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  • ACGOW November exhibit 11 a.m. - 7 p.m. Westerly
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  • ‘Red button’ project among highlights for Stonington police in 2013

    STONINGTON — The “panic” button project at West Vine Street School, developed as a result of the tragedy at the Sandy Hook elementary school, has been cited as one of the successful endeavors of the police department in the past year.

    The “red button” pilot project eliminates the need for school officials to call 911 during an emergency by simply allowing authorities to press a button summoning necessary rescue personnel to the scene within minutes.

    The buttons are located throughout the school. Private schools St. Michael and Pine Point are also using the system this year. Costs range from about $30,000 to $88,000, depending on the type of work that needed to be done to install the system.

    Police and school officials hope to broaden its use to all five schools in the district. Capt. Jerry Desmond said the department expects to have a continued presence in the schools.

    Stonington Police Chief J. Darren Stewart, in his annual report, noted several other highlights of 2013: obtaining a grant for purchasing a new police boat at a cost of $375,000 and continued work on the sale of the old boat, which had been donated to the town; having a community alert program in place; the implementation of a license plate reader program; assigning an officer to the state’s attorney’s cold case squad; K-9 team transition to a new handler; and continuing to complete training for personnel as required by the police academy.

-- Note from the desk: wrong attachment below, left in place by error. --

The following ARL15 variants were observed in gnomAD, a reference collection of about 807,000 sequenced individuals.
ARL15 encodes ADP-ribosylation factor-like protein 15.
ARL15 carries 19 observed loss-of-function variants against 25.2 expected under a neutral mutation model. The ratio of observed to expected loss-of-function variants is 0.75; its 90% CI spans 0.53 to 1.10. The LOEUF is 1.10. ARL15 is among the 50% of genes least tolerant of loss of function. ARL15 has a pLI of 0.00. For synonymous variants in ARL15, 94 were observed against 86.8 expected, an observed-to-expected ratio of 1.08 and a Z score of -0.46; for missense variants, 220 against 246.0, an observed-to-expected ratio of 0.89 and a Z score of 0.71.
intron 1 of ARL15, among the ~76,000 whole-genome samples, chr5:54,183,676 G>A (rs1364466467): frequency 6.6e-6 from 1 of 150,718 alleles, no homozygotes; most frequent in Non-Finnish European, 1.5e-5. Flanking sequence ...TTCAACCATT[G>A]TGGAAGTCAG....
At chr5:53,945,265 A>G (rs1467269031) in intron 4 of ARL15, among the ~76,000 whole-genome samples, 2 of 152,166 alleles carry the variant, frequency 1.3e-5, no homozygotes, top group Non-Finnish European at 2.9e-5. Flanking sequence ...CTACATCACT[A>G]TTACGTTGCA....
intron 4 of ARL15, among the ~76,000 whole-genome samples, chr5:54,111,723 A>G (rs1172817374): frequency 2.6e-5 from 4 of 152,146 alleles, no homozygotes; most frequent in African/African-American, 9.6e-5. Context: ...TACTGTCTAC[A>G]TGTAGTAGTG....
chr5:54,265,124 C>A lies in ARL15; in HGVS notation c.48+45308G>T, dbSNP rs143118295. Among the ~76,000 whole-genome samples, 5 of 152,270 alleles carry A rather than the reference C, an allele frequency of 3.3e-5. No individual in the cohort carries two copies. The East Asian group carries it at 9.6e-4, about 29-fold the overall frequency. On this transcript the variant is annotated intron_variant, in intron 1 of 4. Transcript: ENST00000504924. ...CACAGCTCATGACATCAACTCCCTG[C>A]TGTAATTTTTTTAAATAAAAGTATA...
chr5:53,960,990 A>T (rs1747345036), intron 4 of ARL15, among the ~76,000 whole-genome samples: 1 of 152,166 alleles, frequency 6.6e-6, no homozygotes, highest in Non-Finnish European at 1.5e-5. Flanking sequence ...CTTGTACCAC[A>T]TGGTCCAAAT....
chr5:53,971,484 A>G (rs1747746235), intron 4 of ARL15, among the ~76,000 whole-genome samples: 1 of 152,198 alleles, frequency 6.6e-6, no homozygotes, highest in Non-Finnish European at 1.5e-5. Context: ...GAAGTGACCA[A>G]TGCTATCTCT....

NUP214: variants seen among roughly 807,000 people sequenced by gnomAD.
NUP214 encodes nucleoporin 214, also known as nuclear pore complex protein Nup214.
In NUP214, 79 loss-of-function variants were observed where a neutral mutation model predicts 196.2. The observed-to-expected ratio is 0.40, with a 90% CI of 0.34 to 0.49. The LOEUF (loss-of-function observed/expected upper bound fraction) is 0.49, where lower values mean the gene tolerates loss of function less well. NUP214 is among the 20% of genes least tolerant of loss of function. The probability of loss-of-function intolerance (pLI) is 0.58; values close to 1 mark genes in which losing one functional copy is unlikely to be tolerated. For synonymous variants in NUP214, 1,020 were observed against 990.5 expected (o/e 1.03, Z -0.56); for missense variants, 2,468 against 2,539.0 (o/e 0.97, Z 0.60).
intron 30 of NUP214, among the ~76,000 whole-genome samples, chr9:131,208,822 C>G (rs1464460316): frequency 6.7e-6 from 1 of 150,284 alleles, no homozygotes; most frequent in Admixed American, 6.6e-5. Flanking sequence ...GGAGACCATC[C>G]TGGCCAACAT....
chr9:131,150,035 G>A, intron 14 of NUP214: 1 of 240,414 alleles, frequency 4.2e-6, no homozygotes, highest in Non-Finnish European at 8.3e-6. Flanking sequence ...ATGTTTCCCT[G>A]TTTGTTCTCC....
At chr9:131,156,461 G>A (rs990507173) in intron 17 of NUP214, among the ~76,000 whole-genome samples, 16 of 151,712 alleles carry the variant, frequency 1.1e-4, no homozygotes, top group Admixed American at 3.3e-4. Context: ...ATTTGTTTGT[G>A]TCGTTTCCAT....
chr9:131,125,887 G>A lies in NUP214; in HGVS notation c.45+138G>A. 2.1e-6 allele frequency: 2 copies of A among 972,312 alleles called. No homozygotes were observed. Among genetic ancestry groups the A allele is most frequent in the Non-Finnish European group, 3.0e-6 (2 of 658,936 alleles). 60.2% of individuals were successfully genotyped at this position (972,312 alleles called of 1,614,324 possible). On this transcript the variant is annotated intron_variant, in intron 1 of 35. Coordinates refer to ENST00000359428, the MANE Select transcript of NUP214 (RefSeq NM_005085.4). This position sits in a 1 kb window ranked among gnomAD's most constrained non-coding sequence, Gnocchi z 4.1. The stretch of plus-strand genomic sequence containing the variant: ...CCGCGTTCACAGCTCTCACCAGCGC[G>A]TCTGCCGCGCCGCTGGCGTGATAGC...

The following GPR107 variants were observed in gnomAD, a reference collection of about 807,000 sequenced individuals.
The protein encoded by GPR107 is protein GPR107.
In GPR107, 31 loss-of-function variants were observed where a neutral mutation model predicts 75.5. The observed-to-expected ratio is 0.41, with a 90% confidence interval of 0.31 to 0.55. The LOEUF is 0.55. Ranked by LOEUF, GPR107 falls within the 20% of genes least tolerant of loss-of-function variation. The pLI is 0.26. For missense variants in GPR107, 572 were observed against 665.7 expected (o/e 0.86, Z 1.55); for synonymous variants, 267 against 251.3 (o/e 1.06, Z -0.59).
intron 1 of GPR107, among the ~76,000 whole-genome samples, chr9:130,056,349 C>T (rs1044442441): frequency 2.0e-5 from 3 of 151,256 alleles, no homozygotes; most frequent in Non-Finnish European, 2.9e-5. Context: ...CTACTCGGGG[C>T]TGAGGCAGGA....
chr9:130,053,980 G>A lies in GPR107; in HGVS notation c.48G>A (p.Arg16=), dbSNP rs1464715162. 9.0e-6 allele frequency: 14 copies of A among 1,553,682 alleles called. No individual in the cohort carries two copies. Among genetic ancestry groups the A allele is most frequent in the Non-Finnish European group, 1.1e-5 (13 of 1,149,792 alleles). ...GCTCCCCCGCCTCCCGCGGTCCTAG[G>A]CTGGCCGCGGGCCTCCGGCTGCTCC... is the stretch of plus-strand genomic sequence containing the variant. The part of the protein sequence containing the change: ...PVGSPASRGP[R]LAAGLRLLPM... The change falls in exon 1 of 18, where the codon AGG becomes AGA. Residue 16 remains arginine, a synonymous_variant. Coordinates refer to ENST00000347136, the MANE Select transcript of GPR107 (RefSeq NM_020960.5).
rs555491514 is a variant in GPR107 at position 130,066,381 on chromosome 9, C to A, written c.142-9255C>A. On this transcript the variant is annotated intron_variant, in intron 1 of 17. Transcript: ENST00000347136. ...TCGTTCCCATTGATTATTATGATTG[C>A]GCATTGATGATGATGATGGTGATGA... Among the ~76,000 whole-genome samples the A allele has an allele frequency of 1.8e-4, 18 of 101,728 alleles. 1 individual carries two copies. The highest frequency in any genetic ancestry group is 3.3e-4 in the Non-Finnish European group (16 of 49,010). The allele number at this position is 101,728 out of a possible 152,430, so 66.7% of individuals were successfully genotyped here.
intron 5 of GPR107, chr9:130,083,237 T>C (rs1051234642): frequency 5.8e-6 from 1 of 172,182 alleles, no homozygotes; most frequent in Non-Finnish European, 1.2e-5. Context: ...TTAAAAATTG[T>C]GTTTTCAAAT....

The department’s 36 officers, including the chief and captain, tallied 542 criminal arrests, and investigated 2,000 criminal incidents and 661 motor vehicle accidents in 2013.

    Motor vehicle summonses issued for various violations totaled 854, with 67 arrests made for driving under the influence of alcohol and/or drugs.

    The department responded to 11,183 miscellaneous calls, of which 1,900 were medical and 932 were security alarms. Motor vehicle stops totaled 1,483.

    Among Stewart’s objectives for this year include continued training for critical incident issues including active shooting scenarios; assigning an additional officer to the detective division for a cold case unit; continued upgrade of dispatching services as needed; and continued proactive activity in motor vehicle enforcement.



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